Ben & Jerry’s co-founders Ben Cohen and Jerry Greenfield are under fire after they failed to come up with a reason why they refuse to sell their ice cream in parts of Israel over political disagreements but do business in areas of the United States where they disagree with laws and policies. 

Progressive ice cream maker has made a strong statement about social justice and earlier announced that it would not be selling its desserts in Occupied Palestinian Territory, the West Bank or Gaza Strip. Cohen and Greenfield, who no longer technically control the company but remain its public faces, appeared on “Axios on HBO” Sunday, where Axios’ Alexi McCammond asked why they don’t just remove their ice cream from Israel altogether. 

“Well, I disagree with the U.S. policy, we couldn’t stop selling in the U.S.,” Cohen said as he shrugged. 

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McCammond declared, “You’re big supporters of voting rights,” McCammond added. Why do you sell Georgia ice cream? Texas bans abortion. Why is it that you are still selling in Texas?

Cohen appeared dumbfounded as he shrugged and said, “I don’t know,” before chuckling. 

“It’s an interesting question. I don’t know what that would accomplish. We’re working on those issues, of voting rights,” Cohen said. “I don’t know. You ask an excellent question. And I think I’d have to sit down and think about it for a bit.”

McCammond is a left-leaning journalist who was forced to resign as Teen Vogue editor in chief for her tweets. McCammond then returned to press the men about the Texas abortion law.

We should stop selling ice cream everywhere based on that logic. I’ve got issues with what’s being done in most every state and most every country,” Cohen said. 

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One thing is different about Israel’s actions is the fact that they are illegal under international law. Greenfield said that this is something that should be considered.

Cohen also insisted pulling Ben & Jerry’s from Israel isn’t about money, but simply that the co-founders “don’t want our ice cream sold in the occupied territories.”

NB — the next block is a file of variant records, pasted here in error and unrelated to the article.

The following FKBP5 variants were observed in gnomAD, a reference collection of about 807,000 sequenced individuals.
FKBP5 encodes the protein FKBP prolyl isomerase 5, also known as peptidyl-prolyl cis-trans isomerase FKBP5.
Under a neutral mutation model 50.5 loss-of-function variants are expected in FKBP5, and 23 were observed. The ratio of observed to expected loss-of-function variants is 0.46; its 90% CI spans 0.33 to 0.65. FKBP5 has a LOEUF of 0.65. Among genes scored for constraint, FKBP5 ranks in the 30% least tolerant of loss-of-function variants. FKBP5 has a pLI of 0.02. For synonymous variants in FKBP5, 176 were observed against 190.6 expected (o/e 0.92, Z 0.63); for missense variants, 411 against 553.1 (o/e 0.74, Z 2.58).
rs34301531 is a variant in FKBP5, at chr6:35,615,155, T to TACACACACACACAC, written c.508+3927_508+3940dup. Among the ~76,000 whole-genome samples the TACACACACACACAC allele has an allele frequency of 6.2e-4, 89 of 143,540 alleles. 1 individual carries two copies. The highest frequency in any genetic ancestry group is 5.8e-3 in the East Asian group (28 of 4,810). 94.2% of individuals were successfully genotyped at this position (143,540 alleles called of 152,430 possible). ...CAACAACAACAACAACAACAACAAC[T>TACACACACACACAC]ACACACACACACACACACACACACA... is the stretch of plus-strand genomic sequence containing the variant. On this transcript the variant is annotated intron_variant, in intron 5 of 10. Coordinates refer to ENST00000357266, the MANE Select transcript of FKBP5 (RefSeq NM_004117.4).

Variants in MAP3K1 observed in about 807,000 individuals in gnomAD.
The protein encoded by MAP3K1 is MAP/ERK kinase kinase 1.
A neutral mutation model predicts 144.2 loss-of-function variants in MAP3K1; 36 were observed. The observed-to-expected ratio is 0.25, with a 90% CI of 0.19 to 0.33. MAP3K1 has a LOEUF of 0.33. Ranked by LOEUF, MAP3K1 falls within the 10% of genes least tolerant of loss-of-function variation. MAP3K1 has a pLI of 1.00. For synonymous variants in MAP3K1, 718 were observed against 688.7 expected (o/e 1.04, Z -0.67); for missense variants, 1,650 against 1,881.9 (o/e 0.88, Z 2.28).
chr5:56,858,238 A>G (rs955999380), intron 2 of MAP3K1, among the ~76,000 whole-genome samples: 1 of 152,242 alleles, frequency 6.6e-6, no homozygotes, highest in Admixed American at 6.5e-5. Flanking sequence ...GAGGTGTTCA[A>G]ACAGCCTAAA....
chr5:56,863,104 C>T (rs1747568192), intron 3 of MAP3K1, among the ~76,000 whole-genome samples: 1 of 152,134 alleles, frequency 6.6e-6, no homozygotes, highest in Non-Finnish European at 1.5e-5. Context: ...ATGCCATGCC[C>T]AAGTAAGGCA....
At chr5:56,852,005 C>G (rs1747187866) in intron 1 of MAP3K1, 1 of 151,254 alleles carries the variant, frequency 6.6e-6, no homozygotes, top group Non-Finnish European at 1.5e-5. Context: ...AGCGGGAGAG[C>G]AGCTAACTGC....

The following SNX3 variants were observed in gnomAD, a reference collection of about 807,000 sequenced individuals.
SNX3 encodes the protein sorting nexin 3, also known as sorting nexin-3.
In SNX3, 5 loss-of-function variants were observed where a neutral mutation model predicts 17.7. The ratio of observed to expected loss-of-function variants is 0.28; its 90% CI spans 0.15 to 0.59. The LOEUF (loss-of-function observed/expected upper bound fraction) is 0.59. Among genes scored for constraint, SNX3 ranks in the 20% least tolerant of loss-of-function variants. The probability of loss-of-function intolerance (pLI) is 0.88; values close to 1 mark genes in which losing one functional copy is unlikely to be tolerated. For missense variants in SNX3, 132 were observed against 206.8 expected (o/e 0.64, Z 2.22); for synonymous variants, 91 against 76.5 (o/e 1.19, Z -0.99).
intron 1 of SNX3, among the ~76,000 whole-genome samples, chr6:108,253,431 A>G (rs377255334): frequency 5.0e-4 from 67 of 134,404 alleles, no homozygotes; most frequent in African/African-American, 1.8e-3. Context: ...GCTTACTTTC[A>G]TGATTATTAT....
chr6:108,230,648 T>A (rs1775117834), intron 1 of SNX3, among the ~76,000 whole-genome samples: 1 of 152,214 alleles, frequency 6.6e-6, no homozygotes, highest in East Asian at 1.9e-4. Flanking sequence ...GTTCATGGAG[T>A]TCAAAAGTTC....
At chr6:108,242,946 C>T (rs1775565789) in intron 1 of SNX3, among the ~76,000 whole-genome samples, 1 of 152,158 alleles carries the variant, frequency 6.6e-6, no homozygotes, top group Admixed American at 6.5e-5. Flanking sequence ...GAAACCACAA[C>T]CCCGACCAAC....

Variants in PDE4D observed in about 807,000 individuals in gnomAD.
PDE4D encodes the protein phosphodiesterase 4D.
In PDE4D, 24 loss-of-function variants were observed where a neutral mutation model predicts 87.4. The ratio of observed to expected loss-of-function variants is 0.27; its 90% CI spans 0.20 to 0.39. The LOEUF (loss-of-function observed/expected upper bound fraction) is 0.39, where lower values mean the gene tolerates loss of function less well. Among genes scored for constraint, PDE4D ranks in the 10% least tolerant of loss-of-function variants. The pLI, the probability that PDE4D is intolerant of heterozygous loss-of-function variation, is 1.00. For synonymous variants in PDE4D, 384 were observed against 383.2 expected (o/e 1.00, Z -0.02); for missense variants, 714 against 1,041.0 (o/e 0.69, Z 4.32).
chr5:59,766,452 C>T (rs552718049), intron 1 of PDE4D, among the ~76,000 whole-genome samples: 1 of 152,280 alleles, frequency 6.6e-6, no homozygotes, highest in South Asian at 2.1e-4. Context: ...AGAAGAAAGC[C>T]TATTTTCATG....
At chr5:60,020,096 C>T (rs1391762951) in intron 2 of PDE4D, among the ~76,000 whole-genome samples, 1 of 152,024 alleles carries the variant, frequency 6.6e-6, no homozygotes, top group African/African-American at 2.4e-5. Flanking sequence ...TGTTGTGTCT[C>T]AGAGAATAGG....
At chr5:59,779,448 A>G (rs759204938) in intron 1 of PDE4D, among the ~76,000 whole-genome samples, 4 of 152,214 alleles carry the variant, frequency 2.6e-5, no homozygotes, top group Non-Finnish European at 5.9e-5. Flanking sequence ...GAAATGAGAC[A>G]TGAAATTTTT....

“It’s not a financial stance, it’s a policy stance,” he said. 

The co-founders appeared to see things differently when asked if they’re bothered when critics accuse them of anti-Semitism. 

“It’s absurd … what, I’m anti-Jewish? I mean, I’m a Jew,” Cohen said while laughing. Cohen laughed and said, “All of my family are Jewish. My friends are Jewish.”

Greenfield acknowledged that he can understand the criticisms. 

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“It’s a very emotional issue for a lot of people and I totally understand it, it’s a very painful issue,” Greenfield said. 

For the highly criticized interview, Cohen and Greenfield were swiftly roasted by social media. 

Michael Dickenson, executive director of Stand With Israel It has been called a “car-crash interview” and said the non-answer proves “their Israel boycott is wrong-headed, unfair and yes – discriminatory.” 

Townhall’s Leah Barkoukis called it a “total trainwreck of an interview,” while The Spectator World called it “excruciating.” 

Others took to Twitter to share their thoughts about the interview.

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“We have a long-standing partnership with our licensee, who manufactures Ben & Jerry’s ice cream in Israel and distributes it in the region,” the company said in a July press release. “We have been working to change this, and so we have informed our licensee that we will not renew the license agreement when it expires at the end of next year … Although Ben & Jerry’s will no longer be sold in the OPT, we will stay in Israel through a different arrangement.”

After announcing that it would not sell frozen desserts in the “Occupied Palestinian Territory”, Naftali Bennett, Israeli Prime Minister, and Benjamin Netanyahu, his predecessor received backlash.

The announcement drew a sharp rebuke from Bennett and Netanyahu, with the current Israeli prime minister saying Ben & Jerry’s “decided to brand itself as anti-Israel ice cream.”

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“The boycott against Israel … reflects that they have totally lost their way,” Bennett added. “The boycott doesn’t work and won’t work and we will fight it with all our might.”

Netanyahu posted Monday’s tweet, “Now the Israelis know which Ice Cream NOT to Buy,” with emojis of a Israeli flag and a flexing hip.

Ben & Jerry’s also made headlines last year when it threw its support behind the Defund the Police movement.

Fox Business’ Houston Keene contributed to this report.